Outreach to Non-government Stakeholders

            BOEMRE has repeatedly engaged non-government organizations (NGOs)—individually and in groups—to obtain feedback on its regulatory framework and associated processes.  During promulgation of our renewable energy regulatory framework rule, we conducted several stakeholder information gathering sessions, as well as workshops on the draft and final regulations.  Since the final framework was issued, we have continued meeting with NGOs and stakeholders, including The Nature Conservancy, the National Wildlife Federation, and the Mariners Advisory Committee and have had valuable information exchanges.  We have also communicated with representatives of fishing interests through the special working groups established by Massachusetts and Rhode Island, as well as the regional Fisheries Management Councils.  BOEMRE also has continued its dialogue with industry representatives, primarily through the Offshore Wind Development Coalition.  Based on all of our conversations with stakeholders, we have identified regulatory revisions that we will pursue to bring more clarity and efficiency to our processes.  Our first such revision—designed to simplify the leasing process for offshore wind in situations where there is only one qualified and interested developer by eliminating a redundant and therefore unnecessary step—has been published and received comment.  BOEMRE plans to complete this final rule and to propose other revisions in the near future.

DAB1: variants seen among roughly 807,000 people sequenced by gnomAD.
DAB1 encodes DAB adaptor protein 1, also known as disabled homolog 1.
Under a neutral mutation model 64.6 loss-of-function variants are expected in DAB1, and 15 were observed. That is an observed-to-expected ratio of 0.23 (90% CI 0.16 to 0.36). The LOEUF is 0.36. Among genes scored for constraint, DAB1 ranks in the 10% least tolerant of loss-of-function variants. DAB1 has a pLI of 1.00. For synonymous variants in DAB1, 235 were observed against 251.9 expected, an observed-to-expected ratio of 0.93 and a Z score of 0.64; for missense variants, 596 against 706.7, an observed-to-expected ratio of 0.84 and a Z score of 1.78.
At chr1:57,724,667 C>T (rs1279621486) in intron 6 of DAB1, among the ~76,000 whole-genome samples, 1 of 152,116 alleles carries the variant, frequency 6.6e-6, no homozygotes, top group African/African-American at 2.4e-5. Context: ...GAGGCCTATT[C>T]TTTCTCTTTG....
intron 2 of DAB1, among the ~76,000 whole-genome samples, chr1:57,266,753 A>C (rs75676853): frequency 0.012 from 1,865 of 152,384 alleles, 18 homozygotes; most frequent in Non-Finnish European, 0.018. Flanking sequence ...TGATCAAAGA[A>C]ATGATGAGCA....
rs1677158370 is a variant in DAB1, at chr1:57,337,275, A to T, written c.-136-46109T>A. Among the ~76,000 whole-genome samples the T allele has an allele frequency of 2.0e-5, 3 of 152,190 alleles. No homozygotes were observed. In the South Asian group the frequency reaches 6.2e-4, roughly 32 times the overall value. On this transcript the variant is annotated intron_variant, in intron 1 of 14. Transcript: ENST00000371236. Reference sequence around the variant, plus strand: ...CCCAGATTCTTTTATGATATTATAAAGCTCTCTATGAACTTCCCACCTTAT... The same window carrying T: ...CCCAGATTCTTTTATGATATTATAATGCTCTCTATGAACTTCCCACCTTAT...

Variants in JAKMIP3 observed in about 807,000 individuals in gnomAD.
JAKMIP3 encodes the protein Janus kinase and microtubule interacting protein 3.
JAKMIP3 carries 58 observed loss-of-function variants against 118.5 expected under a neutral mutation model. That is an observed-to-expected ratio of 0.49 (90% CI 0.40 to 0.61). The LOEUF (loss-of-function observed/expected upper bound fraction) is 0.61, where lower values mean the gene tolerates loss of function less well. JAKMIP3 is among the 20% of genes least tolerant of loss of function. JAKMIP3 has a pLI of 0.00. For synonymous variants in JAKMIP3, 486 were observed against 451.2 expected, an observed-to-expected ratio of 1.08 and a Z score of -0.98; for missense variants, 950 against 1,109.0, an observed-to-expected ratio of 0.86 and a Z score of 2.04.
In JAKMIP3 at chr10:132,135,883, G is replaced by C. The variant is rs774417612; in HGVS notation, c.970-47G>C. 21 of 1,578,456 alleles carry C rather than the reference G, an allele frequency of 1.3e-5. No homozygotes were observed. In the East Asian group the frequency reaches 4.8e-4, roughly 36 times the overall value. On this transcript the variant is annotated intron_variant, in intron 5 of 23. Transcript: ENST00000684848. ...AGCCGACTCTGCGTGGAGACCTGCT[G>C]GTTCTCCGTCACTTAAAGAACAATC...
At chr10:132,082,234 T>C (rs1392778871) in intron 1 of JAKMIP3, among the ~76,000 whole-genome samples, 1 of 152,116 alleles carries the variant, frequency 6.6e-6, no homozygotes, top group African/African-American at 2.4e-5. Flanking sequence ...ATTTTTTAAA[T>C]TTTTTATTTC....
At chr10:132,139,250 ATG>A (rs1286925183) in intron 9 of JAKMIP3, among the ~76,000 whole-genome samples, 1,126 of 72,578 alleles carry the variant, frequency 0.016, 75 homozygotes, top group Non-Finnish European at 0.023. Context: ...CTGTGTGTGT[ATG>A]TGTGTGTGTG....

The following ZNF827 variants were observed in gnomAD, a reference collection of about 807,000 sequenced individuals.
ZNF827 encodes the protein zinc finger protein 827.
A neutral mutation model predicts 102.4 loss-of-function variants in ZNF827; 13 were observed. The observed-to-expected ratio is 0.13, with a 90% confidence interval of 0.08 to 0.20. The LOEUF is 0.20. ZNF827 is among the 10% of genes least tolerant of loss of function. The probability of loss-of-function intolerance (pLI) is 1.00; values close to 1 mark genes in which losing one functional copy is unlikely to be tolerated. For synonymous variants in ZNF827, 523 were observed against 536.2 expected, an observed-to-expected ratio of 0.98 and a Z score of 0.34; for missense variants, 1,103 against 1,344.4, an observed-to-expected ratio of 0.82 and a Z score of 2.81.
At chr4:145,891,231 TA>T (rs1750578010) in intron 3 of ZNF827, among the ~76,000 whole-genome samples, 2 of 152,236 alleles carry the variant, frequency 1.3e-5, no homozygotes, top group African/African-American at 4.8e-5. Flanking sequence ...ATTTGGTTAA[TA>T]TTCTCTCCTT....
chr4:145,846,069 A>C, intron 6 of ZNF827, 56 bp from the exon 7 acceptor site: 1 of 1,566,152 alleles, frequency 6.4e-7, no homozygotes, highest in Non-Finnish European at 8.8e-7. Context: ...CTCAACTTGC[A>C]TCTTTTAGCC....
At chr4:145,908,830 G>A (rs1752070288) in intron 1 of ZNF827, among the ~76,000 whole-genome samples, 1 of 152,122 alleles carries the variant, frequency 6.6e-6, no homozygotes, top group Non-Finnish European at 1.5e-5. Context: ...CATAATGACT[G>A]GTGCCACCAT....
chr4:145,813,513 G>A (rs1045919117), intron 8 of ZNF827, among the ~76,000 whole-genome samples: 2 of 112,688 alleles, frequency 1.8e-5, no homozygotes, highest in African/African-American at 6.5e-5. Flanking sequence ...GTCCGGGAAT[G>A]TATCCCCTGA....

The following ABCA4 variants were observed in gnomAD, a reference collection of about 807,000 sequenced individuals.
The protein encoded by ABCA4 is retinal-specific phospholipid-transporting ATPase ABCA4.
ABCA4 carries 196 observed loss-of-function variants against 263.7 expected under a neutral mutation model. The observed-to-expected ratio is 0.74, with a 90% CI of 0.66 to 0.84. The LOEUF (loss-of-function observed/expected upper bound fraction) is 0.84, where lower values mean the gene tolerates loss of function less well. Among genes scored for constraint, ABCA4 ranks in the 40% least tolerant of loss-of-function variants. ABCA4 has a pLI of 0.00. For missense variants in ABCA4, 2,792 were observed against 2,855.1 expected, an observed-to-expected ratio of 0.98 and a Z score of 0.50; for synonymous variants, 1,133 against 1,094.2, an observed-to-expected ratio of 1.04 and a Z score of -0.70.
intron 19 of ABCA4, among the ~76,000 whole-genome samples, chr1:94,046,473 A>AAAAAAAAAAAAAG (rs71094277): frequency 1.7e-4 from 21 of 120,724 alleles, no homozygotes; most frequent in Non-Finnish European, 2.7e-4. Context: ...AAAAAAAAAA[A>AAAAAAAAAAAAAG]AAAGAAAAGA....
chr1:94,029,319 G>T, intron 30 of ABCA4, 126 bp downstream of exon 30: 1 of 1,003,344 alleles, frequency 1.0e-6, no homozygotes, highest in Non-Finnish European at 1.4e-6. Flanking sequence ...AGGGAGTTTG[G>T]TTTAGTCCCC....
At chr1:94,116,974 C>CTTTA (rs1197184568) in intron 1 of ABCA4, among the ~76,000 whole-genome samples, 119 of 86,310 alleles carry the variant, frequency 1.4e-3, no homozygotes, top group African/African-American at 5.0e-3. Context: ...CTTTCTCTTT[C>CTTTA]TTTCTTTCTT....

Status of OCS Wind Development

            All of the initiatives I have just discussed are helping BOEMRE to identify areas where there are relatively few impediments to offshore wind development and move forward quickly and efficiently to promote the establishment of an offshore renewable energy industry.